9 Pieces of Memoir Writing Advice from 8 Great Sources

William Zinsser: “Write about small, self-contained incidents that are still vivid in your memory. If you remember them, it’s because they contain a larger truth that your readers will recognize in their own lives.”

Gore Vidal: “A memoir is how one remembers one’s own life.”

Patricia Hampl: “You can’t put much on paper before you betray your secret self, try as you will to keep things civil.”

And also Patricia Hampl: “I don’t write about what I know: I write in order to find out what I know.”

Darin Strauss: “I think each family has a funhouse logic all its own, and in that distortion, in that delusion, all behavior can seem both perfectly normal and crazy.”

David Ben-Gurion: “Anyone who believes you can’t change history has never tried to write his memoirs.”

Joan Didion: “Grammar is a piano I play by ear. All I know about grammar is its power.”

Stephen King: “The scariest moment is always just before you start.  After that, things can only get better.”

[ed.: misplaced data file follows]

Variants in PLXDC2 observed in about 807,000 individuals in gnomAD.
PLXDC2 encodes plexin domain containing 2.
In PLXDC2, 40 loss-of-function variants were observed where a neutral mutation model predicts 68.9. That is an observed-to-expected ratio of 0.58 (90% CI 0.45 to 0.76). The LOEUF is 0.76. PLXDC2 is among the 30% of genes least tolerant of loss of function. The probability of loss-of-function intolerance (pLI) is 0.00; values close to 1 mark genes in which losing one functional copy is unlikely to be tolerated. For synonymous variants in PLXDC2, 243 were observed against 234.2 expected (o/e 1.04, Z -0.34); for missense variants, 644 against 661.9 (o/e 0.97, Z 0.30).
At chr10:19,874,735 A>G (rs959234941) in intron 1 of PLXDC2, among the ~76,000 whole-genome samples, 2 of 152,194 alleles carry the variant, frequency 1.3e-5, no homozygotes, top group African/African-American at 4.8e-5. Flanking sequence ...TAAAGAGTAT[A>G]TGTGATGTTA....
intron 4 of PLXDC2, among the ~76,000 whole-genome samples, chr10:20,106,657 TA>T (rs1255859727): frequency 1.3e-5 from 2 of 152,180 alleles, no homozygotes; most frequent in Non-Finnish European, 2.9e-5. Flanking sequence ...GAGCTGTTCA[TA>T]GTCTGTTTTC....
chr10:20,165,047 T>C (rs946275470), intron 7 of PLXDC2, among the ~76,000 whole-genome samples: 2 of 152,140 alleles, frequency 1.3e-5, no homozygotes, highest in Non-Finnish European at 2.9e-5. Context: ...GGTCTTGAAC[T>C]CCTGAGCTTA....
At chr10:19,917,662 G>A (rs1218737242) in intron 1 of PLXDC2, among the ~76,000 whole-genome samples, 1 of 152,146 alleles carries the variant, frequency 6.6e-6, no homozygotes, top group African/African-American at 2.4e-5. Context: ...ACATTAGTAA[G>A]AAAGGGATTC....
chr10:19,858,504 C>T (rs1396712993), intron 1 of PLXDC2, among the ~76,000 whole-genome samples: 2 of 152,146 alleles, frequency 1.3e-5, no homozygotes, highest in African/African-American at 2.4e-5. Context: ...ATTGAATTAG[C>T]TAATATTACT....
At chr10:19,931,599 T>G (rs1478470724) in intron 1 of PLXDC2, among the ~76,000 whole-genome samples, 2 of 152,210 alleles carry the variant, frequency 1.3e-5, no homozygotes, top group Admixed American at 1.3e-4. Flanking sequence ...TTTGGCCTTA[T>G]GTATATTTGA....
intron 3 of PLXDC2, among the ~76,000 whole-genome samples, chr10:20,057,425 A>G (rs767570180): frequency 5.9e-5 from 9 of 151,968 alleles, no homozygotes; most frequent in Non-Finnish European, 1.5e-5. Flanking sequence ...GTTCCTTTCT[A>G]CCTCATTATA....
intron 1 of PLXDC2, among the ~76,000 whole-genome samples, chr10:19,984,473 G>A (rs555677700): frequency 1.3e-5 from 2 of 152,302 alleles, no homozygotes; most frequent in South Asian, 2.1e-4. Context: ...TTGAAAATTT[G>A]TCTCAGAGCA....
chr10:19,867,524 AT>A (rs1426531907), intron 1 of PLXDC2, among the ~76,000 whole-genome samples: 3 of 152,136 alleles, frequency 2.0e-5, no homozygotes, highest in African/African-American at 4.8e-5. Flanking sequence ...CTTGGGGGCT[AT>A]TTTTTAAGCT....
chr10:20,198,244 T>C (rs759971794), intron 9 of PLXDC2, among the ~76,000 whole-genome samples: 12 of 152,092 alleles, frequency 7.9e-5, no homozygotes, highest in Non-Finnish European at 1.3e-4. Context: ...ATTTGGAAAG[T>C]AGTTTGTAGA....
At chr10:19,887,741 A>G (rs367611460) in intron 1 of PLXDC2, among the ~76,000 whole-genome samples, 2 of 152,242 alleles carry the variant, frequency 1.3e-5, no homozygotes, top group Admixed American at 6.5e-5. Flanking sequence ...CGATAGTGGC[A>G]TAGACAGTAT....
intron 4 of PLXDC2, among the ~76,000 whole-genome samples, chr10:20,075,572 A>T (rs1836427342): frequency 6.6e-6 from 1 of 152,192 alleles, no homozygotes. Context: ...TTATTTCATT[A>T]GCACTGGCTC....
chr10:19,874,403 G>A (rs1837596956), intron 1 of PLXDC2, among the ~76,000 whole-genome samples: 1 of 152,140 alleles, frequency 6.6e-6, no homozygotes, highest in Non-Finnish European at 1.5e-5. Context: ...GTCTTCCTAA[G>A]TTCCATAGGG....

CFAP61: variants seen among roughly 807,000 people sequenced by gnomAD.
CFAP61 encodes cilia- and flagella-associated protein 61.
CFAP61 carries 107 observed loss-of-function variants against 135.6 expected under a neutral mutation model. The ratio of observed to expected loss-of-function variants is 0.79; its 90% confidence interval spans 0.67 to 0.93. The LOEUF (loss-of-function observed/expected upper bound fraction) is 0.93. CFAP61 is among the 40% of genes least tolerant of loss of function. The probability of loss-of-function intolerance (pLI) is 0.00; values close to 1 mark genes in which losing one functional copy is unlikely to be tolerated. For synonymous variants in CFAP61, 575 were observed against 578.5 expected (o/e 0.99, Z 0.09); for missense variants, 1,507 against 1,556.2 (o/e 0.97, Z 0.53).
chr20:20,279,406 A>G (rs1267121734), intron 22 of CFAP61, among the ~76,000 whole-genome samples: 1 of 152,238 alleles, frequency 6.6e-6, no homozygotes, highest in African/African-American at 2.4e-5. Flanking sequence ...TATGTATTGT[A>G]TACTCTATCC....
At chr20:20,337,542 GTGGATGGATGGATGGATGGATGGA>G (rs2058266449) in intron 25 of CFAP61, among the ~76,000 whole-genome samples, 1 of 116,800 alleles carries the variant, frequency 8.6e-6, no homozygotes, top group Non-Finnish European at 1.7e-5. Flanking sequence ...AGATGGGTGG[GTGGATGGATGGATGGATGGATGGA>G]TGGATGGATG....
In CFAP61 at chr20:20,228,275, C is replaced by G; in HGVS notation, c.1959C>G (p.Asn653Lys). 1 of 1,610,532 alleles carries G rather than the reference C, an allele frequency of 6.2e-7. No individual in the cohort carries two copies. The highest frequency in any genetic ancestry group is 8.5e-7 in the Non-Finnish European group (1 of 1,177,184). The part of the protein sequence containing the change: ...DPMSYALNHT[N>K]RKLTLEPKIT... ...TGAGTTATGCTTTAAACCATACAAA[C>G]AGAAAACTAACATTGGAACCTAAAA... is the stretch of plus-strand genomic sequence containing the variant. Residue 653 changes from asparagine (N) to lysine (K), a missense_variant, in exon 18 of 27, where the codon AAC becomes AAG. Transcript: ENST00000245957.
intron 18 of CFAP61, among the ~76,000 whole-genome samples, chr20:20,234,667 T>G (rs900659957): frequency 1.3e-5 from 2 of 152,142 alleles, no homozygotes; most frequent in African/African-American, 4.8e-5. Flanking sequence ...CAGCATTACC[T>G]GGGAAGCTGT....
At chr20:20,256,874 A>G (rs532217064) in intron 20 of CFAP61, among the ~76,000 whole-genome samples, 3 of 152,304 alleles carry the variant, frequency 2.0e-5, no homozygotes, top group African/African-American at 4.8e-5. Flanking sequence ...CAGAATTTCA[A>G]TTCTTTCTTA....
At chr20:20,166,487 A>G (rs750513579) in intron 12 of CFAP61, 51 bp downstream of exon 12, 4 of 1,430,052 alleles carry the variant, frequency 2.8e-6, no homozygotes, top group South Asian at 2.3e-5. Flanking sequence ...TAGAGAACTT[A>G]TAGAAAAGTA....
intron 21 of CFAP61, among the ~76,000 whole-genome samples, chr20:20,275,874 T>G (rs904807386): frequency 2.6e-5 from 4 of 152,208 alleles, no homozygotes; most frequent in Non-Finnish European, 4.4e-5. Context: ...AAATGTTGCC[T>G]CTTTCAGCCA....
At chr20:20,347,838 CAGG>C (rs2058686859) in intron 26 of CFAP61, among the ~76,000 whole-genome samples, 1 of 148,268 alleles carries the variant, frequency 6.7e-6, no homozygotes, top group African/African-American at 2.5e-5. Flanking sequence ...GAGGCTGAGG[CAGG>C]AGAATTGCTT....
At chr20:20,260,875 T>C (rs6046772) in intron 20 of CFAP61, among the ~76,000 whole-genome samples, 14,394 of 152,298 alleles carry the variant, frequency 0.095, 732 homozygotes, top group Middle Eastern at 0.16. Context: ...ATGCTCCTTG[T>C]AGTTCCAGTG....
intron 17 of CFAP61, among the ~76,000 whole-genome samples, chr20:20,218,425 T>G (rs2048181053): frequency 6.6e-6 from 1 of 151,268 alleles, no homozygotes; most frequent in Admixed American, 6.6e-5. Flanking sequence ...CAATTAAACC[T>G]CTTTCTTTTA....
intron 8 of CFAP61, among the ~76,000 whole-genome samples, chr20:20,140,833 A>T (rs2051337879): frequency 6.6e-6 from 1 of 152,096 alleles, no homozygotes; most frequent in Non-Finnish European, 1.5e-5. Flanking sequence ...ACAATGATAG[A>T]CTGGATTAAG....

Gloria Steinem: “Just remember, you can’t divorce a book.”

F. Scott Fitzgerald: “What people are ashamed of usually makes a good story.”
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4 Comments

Filed under book reviews, folklore and ethnography, humor, Uncategorized

4 responses to “9 Pieces of Memoir Writing Advice from 8 Great Sources

  1. The Zinsser method is what I live by. Start with the most heartfelt moment, no matter what it is. No matter how apparently trivial. And work down your own personal hierarchy to to the lesser felt moments. When you hit 70-90,000 words, poof, you’re done! (Just kidding about that last part.)

  2. Great post! Thank you for sharing!

    … following your blog …

    – Oh God, My Wife Is German.

  3. One of my favorite quote!

    My ideas usually come not at my desk writing but in the midst of living.
    Anais Nin

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